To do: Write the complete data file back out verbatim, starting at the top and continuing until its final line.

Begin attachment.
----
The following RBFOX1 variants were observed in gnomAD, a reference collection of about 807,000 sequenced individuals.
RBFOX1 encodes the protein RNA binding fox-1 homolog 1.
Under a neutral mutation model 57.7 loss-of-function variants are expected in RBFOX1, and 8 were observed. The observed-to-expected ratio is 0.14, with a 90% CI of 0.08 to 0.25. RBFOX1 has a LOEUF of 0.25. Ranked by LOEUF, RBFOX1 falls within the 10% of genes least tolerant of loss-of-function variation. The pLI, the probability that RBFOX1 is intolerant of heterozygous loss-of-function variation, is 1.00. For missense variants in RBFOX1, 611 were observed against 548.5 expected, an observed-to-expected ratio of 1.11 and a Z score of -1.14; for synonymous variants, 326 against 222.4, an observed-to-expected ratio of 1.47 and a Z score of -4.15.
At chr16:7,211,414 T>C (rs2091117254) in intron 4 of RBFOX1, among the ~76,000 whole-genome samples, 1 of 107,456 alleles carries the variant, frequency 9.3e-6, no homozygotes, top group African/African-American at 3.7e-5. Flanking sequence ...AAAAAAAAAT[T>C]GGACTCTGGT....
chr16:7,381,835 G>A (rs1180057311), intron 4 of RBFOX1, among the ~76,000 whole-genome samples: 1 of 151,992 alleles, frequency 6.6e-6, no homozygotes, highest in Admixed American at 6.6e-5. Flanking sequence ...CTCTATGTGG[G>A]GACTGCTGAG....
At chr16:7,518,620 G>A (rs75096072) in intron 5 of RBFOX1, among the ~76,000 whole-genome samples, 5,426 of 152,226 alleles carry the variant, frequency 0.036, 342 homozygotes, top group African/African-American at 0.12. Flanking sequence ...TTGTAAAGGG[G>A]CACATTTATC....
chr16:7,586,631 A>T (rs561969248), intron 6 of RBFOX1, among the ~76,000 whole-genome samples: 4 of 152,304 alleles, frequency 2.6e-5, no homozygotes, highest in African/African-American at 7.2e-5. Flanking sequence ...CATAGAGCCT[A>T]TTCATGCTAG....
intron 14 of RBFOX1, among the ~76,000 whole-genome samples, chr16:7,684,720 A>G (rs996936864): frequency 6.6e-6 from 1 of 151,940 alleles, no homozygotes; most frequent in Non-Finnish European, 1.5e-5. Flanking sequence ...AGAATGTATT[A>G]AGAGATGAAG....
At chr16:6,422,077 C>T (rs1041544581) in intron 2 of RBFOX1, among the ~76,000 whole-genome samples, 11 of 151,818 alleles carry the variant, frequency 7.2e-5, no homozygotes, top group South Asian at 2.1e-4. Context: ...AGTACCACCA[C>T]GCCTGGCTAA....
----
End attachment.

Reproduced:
The following RBFOX1 variants were observed in gnomAD, a reference collection of about 807,000 sequenced individuals.
RBFOX1 encodes the protein RNA binding fox-1 homolog 1.
Under a neutral mutation model 57.7 loss-of-function variants are expected in RBFOX1, and 8 were observed. The observed-to-expected ratio is 0.14, with a 90% CI of 0.08 to 0.25. RBFOX1 has a LOEUF of 0.25. Ranked by LOEUF, RBFOX1 falls within the 10% of genes least tolerant of loss-of-function variation. The pLI, the probability that RBFOX1 is intolerant of heterozygous loss-of-function variation, is 1.00. For missense variants in RBFOX1, 611 were observed against 548.5 expected, an observed-to-expected ratio of 1.11 and a Z score of -1.14; for synonymous variants, 326 against 222.4, an observed-to-expected ratio of 1.47 and a Z score of -4.15.
At chr16:7,211,414 T>C (rs2091117254) in intron 4 of RBFOX1, among the ~76,000 whole-genome samples, 1 of 107,456 alleles carries the variant, frequency 9.3e-6, no homozygotes, top group African/African-American at 3.7e-5. Flanking sequence ...AAAAAAAAAT[T>C]GGACTCTGGT....
chr16:7,381,835 G>A (rs1180057311), intron 4 of RBFOX1, among the ~76,000 whole-genome samples: 1 of 151,992 alleles, frequency 6.6e-6, no homozygotes, highest in Admixed American at 6.6e-5. Flanking sequence ...CTCTATGTGG[G>A]GACTGCTGAG....
At chr16:7,518,620 G>A (rs75096072) in intron 5 of RBFOX1, among the ~76,000 whole-genome samples, 5,426 of 152,226 alleles carry the variant, frequency 0.036, 342 homozygotes, top group African/African-American at 0.12. Flanking sequence ...TTGTAAAGGG[G>A]CACATTTATC....
chr16:7,586,631 A>T (rs561969248), intron 6 of RBFOX1, among the ~76,000 whole-genome samples: 4 of 152,304 alleles, frequency 2.6e-5, no homozygotes, highest in African/African-American at 7.2e-5. Flanking sequence ...CATAGAGCCT[A>T]TTCATGCTAG....
intron 14 of RBFOX1, among the ~76,000 whole-genome samples, chr16:7,684,720 A>G (rs996936864): frequency 6.6e-6 from 1 of 151,940 alleles, no homozygotes; most frequent in Non-Finnish European, 1.5e-5. Flanking sequence ...AGAATGTATT[A>G]AGAGATGAAG....
At chr16:6,422,077 C>T (rs1041544581) in intron 2 of RBFOX1, among the ~76,000 whole-genome samples, 11 of 151,818 alleles carry the variant, frequency 7.2e-5, no homozygotes, top group South Asian at 2.1e-4. Context: ...AGTACCACCA[C>T]GCCTGGCTAA....